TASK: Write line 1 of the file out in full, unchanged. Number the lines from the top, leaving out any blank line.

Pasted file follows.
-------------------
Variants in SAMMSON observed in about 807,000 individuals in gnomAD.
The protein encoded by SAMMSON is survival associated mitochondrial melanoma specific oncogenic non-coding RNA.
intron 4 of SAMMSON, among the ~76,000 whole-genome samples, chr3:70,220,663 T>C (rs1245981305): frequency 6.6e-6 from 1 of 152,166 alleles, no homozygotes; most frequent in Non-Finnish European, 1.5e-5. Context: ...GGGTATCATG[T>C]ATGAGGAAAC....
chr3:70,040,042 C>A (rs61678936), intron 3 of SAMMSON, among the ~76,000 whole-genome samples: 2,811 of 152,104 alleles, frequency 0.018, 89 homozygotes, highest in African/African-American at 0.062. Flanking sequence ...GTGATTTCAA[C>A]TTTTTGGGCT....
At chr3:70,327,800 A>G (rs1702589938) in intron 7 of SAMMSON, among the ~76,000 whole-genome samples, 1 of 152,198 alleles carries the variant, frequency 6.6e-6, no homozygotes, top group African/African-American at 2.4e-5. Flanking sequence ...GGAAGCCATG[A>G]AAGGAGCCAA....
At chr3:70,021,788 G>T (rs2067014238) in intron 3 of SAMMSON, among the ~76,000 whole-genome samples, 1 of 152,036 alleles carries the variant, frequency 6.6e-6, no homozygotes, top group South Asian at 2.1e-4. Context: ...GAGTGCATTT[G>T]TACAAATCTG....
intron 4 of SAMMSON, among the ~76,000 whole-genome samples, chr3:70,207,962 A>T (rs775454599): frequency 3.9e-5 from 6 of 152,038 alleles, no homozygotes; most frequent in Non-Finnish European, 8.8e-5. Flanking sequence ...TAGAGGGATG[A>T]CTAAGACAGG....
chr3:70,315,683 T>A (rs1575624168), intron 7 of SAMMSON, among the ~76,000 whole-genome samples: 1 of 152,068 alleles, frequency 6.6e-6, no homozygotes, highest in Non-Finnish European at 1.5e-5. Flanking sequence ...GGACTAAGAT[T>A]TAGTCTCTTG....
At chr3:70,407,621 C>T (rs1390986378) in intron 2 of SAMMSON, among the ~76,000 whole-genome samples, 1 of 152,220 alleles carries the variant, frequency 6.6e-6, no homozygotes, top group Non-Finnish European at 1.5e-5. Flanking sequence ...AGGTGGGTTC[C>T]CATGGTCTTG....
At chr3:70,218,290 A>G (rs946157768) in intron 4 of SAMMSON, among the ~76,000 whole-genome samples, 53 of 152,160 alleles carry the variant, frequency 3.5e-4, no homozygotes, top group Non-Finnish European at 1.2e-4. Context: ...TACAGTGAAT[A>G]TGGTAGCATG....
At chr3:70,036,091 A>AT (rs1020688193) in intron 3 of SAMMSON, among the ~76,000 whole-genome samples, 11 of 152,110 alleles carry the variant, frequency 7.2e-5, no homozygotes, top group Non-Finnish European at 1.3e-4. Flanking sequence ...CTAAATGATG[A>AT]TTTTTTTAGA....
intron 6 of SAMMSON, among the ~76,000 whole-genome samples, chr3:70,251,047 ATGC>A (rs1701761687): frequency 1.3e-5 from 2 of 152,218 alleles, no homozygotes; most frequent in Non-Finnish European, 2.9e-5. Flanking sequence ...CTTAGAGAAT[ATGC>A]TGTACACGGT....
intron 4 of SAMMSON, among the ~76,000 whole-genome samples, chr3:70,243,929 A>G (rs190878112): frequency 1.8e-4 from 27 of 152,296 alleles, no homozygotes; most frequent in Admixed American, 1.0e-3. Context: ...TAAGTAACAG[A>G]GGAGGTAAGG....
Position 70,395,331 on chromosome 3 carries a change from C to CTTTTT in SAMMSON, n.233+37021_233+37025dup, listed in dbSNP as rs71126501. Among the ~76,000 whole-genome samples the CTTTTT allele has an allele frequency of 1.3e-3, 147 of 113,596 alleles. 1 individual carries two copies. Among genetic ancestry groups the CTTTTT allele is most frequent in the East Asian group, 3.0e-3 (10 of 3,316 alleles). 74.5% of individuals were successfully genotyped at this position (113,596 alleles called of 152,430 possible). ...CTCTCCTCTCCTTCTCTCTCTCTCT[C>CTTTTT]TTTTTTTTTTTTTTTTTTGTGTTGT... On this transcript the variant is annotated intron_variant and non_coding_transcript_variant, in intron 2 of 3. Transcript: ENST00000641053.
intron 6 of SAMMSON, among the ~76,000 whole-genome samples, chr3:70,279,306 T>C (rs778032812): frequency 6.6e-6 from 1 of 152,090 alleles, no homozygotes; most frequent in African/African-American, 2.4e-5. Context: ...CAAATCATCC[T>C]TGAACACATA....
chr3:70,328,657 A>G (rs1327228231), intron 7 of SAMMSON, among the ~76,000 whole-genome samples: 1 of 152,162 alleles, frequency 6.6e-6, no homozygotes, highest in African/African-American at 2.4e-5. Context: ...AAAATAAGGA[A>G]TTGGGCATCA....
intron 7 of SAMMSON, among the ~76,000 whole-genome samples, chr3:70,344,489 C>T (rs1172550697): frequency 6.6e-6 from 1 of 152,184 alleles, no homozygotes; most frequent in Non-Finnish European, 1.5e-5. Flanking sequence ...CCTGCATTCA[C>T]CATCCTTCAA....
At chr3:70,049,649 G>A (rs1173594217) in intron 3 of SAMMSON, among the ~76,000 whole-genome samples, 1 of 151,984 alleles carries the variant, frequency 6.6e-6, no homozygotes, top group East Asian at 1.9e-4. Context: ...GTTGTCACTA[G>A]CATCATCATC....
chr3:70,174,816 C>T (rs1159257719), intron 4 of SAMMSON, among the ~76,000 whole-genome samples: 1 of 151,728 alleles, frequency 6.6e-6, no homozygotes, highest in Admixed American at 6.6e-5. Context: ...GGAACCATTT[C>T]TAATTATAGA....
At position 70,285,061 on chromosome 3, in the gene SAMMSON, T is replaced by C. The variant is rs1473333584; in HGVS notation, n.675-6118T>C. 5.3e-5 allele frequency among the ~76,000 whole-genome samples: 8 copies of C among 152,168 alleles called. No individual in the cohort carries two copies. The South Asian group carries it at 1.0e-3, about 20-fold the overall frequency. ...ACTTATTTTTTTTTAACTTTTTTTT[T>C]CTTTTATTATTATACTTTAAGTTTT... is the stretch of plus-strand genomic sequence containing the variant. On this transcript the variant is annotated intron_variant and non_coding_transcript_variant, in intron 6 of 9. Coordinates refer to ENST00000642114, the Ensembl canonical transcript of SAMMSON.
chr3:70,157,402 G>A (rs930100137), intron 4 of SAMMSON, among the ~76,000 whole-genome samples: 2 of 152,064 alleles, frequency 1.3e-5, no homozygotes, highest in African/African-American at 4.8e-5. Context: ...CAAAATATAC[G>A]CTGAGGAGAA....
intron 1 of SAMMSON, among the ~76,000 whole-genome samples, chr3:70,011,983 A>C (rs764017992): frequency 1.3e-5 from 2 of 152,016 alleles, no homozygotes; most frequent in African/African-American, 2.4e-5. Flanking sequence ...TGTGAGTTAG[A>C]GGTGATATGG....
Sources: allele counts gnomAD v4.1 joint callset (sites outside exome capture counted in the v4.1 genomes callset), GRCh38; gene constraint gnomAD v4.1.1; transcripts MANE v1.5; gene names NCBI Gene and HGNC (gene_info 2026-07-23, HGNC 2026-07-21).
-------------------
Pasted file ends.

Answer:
Variants in SAMMSON observed in about 807,000 individuals in gnomAD.